Wednesday, July 28, 2010

Targeted campaign ads

Very interesting post, Mr. Gillette.  It will certainly be interesting to see how this plays out -- both in the specific case of Target's contribution and the broader context of this fall's elections.

But it's worth thinking about what would have happened if Section 203 of the McCain-Feingold bill were still intact.  That provision, which is what the Supreme Court struck down in Citizens United, did not say that "corporations aren't people"; it did not say that "corporations have no first amendment rights"; it did not even say that "corporations cannot direct money towards electioneering."  Instead, it set out a very specific way for corporations to spend money on independent electioneering within 60 days of a general election (or 30 days of a primary):  they had to do it through a political action committee.  In other words, they had to set up a PAC and give money to that PAC, which could then use it on independent political expenditures.

So if it had wanted to, Target easily could have set up a PAC, given it $100,000, and then had that PAC help MN Forward finance the ad supporting Mr. Emmer.  The only difference post-Citizens United is that Target can spend funds out of its general treasury to support the pro-Emmer ad.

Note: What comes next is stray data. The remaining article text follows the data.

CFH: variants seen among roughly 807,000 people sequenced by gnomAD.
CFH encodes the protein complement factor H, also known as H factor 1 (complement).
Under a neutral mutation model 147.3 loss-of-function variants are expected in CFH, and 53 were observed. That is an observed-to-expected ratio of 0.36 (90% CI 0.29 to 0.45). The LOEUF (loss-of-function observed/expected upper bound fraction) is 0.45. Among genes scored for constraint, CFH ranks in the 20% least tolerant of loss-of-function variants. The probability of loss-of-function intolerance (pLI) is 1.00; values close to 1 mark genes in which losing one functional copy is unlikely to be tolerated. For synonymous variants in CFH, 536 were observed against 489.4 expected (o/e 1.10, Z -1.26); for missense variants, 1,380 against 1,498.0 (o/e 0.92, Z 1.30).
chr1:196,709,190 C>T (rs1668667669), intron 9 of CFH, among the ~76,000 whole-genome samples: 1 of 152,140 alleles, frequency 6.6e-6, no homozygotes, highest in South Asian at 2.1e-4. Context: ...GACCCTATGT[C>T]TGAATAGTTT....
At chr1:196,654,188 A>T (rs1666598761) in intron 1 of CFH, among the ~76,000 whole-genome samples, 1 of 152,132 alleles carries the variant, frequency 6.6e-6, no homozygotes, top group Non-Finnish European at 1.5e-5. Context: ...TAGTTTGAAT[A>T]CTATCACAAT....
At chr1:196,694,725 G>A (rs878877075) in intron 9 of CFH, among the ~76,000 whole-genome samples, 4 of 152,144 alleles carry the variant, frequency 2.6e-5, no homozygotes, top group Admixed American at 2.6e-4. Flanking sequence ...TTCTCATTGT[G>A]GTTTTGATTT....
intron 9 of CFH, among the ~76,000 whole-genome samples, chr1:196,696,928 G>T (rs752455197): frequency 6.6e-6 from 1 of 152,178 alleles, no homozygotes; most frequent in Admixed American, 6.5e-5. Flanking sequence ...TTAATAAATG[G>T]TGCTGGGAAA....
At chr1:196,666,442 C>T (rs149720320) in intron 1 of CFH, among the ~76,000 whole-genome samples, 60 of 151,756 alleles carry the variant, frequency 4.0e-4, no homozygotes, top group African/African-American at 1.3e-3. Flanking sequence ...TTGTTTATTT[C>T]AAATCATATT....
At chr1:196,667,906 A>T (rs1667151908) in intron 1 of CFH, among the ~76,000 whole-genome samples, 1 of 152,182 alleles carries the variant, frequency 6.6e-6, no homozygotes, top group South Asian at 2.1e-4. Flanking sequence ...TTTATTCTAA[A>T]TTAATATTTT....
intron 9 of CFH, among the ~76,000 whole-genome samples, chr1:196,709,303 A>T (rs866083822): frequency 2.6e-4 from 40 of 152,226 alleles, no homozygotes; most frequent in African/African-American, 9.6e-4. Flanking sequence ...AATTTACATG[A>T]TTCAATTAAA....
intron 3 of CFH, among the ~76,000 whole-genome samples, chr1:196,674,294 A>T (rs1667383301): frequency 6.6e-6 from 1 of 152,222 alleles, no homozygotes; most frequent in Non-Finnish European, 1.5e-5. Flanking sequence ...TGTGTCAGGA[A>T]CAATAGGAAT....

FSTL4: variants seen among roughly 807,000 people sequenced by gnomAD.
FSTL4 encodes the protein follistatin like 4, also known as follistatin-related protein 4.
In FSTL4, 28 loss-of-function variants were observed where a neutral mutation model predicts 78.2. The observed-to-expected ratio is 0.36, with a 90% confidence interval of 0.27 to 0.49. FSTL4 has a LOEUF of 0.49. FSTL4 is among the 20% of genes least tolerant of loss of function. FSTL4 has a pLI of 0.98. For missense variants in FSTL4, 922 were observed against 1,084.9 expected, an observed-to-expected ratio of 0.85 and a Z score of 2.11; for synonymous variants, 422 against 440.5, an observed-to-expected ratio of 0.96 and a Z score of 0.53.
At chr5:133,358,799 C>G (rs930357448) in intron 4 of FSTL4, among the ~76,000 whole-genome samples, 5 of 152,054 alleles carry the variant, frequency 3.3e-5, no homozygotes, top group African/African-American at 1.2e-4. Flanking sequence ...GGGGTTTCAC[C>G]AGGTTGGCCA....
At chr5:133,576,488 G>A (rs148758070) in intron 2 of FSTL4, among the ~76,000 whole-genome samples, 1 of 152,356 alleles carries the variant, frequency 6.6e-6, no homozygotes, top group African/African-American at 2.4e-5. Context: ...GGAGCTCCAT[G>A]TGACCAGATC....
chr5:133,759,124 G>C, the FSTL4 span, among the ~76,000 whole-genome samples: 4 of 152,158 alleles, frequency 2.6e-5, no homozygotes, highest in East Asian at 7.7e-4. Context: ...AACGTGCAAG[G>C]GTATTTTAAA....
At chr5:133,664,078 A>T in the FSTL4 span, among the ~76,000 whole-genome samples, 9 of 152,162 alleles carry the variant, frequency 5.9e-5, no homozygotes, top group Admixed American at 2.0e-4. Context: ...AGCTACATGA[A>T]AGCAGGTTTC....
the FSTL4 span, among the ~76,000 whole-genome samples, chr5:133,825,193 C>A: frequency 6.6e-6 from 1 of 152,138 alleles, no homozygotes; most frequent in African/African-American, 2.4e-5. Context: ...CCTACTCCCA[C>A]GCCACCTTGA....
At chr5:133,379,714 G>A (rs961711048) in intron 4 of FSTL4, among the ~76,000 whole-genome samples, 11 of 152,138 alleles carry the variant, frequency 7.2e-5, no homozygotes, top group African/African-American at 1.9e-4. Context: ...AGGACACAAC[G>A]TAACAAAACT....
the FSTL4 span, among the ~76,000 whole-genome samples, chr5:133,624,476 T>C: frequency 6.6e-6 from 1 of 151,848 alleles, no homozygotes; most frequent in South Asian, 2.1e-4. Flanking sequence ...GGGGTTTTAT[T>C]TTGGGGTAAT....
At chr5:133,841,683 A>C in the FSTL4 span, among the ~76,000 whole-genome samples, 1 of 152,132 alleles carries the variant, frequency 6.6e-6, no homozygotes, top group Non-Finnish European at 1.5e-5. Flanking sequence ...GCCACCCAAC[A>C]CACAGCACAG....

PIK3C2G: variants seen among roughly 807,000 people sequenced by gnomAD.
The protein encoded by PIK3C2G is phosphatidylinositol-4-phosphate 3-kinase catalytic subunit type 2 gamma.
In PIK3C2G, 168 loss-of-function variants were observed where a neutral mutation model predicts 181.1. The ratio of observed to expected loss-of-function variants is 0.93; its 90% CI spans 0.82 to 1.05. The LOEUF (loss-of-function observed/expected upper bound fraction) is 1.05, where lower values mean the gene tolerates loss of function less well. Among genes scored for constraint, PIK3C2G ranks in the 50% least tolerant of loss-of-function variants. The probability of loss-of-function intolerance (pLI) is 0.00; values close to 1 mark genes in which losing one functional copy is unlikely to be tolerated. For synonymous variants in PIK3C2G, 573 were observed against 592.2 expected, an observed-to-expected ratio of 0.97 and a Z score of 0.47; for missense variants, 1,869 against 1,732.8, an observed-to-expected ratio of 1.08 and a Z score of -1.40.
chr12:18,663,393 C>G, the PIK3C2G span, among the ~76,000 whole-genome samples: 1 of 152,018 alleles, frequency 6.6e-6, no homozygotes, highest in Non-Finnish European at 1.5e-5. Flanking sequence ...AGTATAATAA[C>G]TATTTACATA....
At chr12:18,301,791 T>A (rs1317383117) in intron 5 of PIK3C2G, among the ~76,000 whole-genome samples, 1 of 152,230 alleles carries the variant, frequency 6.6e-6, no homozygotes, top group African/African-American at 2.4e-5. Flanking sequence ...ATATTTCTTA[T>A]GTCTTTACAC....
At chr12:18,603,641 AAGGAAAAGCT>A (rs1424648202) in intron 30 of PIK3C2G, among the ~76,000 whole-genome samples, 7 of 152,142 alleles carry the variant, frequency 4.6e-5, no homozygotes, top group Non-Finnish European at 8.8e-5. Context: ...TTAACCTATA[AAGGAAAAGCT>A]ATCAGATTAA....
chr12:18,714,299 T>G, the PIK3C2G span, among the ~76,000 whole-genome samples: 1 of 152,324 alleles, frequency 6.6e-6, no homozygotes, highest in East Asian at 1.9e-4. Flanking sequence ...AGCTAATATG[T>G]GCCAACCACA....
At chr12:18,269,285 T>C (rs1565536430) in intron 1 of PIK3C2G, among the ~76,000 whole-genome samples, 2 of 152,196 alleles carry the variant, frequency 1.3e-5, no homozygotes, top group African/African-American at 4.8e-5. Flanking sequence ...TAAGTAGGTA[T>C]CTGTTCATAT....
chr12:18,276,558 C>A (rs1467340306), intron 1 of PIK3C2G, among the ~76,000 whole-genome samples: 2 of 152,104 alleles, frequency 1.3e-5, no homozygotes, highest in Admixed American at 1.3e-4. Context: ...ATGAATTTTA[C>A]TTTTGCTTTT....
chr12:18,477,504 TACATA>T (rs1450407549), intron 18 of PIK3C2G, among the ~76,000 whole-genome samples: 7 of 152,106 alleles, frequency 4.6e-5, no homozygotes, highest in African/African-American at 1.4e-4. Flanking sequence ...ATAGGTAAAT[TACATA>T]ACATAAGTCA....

My belief is that money will find a way.  As long as there are no restrictions on campaign expenditures all efforts to limit campaign contributions are futile.  (Interestingly, this regime -- limits on expenditures forbidden, but limits on contributions allowed -- is mandated by the Supreme Court's decision in Buckley v. Valeo.)

The irony here is that Target probably would have been a lot better off under the old system set up by McCain-Feingold -- if it had just laundered the funds through a PAC, it's likely nobody ever would have noticed the connection . . .

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